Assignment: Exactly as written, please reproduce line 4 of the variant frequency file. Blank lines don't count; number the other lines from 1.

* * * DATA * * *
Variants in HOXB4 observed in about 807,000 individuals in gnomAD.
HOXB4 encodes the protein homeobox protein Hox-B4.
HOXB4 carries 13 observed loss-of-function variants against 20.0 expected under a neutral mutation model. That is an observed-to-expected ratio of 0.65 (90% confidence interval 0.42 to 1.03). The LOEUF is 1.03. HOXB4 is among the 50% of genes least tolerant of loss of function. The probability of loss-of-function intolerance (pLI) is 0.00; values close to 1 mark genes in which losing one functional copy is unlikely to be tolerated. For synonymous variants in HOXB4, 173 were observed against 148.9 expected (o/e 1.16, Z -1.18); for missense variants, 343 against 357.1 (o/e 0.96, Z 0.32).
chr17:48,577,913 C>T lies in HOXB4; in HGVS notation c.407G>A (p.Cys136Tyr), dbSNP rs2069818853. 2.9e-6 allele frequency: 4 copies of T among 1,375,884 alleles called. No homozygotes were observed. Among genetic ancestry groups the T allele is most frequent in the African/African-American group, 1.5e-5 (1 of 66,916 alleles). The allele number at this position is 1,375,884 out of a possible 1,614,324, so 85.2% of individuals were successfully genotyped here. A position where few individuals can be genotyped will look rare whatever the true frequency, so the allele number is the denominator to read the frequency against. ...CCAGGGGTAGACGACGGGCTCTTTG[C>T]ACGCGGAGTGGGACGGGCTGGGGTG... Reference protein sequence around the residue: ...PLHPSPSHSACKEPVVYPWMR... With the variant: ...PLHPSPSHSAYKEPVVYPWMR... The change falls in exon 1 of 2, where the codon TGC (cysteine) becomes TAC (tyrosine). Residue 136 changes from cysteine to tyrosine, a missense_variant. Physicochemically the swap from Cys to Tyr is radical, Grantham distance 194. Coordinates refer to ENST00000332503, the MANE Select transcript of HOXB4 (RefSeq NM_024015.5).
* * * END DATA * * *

chr17:48,577,913 C>T lies in HOXB4; in HGVS notation c.407G>A (p.Cys136Tyr), dbSNP rs2069818853. 2.9e-6 allele frequency: 4 copies of T among 1,375,884 alleles called. No homozygotes were observed. Among genetic ancestry groups the T allele is most frequent in the African/African-American group, 1.5e-5 (1 of 66,916 alleles). The allele number at this position is 1,375,884 out of a possible 1,614,324, so 85.2% of individuals were successfully genotyped here. A position where few individuals can be genotyped will look rare whatever the true frequency, so the allele number is the denominator to read the frequency against. ...CCAGGGGTAGACGACGGGCTCTTTG[C>T]ACGCGGAGTGGGACGGGCTGGGGTG... Reference protein sequence around the residue: ...PLHPSPSHSACKEPVVYPWMR... With the variant: ...PLHPSPSHSAYKEPVVYPWMR... The change falls in exon 1 of 2, where the codon TGC (cysteine) becomes TAC (tyrosine). Residue 136 changes from cysteine to tyrosine, a missense_variant. Physicochemically the swap from Cys to Tyr is radical, Grantham distance 194. Coordinates refer to ENST00000332503, the MANE Select transcript of HOXB4 (RefSeq NM_024015.5).